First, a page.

From regional satraps to national parties entrenched with dynastic leadership, the political space in India almost seems impenetrable while some exceptional leaders proved otherwise.
Take Congress or BJP as an example, they are parties which run in contrasting ways. While most common people with decent educational background and middle-class income can never dream of choosing politics as their vocation, the rich and the mighty (including business community) too get jittery about entering politics, with the fear of losing financial stability and other important things in life.
If one considers BJP as an example, then Narendra Modi becoming the Prime Minister itself is an example of how Indian voters created space for a non-political entrant into the electoral process. Similarly, Arvind Kejriwal through Aam Aadmi Party has again rekindled that hope for new entrants. Now, with Prashant Kishor also announcing his ambiguous political entry after helping multiple parties come to power in various states across India, we are yet to see how his 3000-km padayatra will be received across the country.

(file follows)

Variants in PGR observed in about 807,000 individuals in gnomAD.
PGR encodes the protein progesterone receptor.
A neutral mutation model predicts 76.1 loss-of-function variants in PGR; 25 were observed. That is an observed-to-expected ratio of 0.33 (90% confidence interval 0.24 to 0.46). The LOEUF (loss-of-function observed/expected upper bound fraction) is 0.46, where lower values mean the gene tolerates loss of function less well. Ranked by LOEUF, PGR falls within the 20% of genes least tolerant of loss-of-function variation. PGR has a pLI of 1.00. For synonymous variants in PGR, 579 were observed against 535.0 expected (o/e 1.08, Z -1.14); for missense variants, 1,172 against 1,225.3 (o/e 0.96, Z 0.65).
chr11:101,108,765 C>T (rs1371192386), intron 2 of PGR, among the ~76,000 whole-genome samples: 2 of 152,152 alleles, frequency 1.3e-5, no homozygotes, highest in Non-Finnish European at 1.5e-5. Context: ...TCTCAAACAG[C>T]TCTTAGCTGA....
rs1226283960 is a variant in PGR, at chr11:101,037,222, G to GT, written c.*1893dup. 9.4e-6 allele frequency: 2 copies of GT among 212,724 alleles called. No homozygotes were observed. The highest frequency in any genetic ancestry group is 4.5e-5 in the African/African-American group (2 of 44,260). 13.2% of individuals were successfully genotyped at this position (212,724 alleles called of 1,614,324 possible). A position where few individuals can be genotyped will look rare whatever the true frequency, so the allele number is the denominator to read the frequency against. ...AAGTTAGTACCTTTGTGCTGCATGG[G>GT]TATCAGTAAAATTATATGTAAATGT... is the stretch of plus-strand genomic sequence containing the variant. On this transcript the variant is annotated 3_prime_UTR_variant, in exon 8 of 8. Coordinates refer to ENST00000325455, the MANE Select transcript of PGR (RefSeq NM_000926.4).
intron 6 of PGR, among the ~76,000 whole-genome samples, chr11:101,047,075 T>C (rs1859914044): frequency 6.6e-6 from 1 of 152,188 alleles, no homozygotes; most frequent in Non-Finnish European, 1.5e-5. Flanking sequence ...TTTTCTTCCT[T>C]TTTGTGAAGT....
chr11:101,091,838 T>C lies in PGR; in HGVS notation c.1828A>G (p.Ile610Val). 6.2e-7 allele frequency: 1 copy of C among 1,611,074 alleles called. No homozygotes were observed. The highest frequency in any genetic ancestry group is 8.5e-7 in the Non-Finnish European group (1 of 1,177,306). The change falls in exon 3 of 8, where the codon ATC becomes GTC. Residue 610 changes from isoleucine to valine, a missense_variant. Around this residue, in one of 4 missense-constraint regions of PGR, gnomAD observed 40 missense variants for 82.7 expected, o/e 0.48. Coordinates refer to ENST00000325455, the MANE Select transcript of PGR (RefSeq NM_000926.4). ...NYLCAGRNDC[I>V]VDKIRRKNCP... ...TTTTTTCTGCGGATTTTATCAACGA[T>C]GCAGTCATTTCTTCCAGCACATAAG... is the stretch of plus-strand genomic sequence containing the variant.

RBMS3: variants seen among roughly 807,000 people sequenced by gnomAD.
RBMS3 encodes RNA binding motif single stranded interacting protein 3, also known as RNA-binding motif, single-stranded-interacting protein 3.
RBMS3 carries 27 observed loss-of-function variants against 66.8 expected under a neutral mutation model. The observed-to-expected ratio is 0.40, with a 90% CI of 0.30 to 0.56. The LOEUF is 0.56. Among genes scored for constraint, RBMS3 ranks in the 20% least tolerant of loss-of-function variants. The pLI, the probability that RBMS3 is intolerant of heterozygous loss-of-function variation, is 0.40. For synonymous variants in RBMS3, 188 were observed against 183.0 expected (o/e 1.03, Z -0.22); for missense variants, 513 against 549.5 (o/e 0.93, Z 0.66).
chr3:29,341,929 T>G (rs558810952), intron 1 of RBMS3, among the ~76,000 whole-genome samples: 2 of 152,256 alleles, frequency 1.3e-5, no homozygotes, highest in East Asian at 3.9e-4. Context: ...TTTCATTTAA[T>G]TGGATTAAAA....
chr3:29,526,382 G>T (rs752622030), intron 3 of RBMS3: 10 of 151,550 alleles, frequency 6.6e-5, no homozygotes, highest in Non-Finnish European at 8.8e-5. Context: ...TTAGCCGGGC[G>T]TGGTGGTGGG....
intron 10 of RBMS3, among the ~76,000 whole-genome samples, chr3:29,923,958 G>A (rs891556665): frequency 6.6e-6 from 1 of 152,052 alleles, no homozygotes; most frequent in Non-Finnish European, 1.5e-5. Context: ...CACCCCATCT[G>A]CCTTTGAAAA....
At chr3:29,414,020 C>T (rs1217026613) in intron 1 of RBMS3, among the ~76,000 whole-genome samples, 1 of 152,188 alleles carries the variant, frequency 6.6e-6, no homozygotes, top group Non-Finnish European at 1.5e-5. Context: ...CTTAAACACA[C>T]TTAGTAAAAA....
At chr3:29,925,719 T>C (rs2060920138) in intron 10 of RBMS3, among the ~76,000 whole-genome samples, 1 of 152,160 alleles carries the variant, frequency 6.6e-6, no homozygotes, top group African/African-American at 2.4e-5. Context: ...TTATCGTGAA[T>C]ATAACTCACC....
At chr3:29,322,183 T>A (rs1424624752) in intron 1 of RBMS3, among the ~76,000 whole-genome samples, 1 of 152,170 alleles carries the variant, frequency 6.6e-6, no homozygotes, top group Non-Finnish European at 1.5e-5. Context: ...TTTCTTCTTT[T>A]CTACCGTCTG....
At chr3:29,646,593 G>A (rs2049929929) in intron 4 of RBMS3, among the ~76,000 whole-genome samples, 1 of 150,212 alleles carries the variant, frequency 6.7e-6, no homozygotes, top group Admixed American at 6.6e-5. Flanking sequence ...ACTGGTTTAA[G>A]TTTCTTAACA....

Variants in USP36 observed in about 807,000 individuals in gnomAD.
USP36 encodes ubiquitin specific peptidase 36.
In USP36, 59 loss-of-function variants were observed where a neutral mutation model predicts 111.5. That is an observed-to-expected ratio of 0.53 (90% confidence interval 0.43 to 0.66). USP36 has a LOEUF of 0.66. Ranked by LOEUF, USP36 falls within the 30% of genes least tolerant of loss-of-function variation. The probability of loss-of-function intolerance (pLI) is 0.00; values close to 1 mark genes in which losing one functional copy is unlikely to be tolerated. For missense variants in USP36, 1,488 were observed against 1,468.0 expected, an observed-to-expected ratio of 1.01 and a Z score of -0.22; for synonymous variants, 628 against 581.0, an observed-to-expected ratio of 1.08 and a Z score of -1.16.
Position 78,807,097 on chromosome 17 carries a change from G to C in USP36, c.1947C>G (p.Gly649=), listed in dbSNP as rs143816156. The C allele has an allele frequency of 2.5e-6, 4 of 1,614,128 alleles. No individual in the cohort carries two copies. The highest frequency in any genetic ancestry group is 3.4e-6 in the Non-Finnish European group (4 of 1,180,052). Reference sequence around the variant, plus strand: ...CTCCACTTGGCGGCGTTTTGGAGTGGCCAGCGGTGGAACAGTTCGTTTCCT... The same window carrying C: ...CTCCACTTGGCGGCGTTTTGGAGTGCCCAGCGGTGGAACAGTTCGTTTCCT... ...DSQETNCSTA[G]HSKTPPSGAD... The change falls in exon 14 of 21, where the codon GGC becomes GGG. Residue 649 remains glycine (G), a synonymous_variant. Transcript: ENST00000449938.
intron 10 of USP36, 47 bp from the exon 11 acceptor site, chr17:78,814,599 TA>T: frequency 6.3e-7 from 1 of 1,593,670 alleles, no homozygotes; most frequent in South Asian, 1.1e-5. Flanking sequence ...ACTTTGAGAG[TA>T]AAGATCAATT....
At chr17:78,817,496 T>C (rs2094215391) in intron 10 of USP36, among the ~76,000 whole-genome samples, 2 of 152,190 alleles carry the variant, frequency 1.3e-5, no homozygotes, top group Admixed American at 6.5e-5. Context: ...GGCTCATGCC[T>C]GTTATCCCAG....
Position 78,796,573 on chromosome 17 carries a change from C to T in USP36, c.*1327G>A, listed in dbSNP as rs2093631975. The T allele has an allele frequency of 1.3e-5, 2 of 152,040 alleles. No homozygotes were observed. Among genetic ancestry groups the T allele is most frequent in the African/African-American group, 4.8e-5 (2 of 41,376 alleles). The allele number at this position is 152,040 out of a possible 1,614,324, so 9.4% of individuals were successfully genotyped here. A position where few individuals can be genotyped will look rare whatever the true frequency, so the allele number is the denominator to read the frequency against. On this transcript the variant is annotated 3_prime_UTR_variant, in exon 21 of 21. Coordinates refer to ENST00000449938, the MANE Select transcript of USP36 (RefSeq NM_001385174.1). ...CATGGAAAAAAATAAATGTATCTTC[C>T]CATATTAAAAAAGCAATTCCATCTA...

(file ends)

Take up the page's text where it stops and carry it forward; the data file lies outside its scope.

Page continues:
India has been under Modi’s leadership since 2014 and there are clearly visible gaps in the current governance — not just among states but also within the BJP itself. From rapidly spiking inflation and increase in prices of almost all commodities, fuel, power and other necessities, the discontent against Modi’s PMship is brewing on ground despite the right-wing claiming otherwise.
This kind of discontent among people is also breeding that yearning for clean leaders. So, the moot question is, will Prashant Kishor be another run of the mill leader who markets himself well but doesn’t deliver or will he be the ideal leader that people have been craving, for a new India?